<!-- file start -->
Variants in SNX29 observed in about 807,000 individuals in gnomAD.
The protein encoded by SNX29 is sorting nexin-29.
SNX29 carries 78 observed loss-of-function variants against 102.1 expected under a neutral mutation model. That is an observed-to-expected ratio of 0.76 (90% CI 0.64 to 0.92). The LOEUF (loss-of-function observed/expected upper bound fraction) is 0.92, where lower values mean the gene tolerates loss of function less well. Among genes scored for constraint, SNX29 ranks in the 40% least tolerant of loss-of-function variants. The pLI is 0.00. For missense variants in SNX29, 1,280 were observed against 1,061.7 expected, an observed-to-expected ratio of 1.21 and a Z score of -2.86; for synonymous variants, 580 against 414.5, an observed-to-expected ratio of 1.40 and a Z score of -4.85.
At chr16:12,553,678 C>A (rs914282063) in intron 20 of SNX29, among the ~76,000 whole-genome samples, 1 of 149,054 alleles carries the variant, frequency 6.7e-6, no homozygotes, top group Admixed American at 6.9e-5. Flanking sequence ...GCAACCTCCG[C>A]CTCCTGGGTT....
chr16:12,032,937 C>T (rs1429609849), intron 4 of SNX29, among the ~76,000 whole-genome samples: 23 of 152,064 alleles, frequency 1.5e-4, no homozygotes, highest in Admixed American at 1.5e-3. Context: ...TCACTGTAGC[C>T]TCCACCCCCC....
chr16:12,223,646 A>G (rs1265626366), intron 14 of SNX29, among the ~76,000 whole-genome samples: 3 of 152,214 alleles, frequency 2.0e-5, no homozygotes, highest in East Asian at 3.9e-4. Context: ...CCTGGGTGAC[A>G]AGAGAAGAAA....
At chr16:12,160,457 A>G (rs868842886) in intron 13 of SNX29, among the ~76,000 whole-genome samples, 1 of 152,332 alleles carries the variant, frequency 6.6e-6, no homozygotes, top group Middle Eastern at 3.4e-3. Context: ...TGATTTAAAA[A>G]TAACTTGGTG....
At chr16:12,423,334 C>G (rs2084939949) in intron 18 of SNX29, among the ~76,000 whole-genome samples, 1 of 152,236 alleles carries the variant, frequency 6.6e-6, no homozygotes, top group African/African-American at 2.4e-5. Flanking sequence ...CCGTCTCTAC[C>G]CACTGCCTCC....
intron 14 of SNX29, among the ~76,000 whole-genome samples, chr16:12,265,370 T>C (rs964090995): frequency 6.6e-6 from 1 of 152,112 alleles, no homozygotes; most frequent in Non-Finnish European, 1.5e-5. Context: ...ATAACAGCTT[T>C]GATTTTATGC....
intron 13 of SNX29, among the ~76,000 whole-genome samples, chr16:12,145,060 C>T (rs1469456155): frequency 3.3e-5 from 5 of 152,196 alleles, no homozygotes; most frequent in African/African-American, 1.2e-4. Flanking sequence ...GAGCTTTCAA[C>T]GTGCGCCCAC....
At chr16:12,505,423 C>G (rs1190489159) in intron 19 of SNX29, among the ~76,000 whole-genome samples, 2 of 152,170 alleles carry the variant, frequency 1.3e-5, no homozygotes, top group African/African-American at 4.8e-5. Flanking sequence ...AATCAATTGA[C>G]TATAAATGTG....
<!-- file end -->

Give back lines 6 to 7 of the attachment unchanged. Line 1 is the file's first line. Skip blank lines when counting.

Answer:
chr16:12,223,646 A>G (rs1265626366), intron 14 of SNX29, among the ~76,000 whole-genome samples: 3 of 152,214 alleles, frequency 2.0e-5, no homozygotes, highest in East Asian at 3.9e-4. Context: ...CCTGGGTGAC[A>G]AGAGAAGAAA....
At chr16:12,160,457 A>G (rs868842886) in intron 13 of SNX29, among the ~76,000 whole-genome samples, 1 of 152,332 alleles carries the variant, frequency 6.6e-6, no homozygotes, top group Middle Eastern at 3.4e-3. Context: ...TGATTTAAAA[A>G]TAACTTGGTG....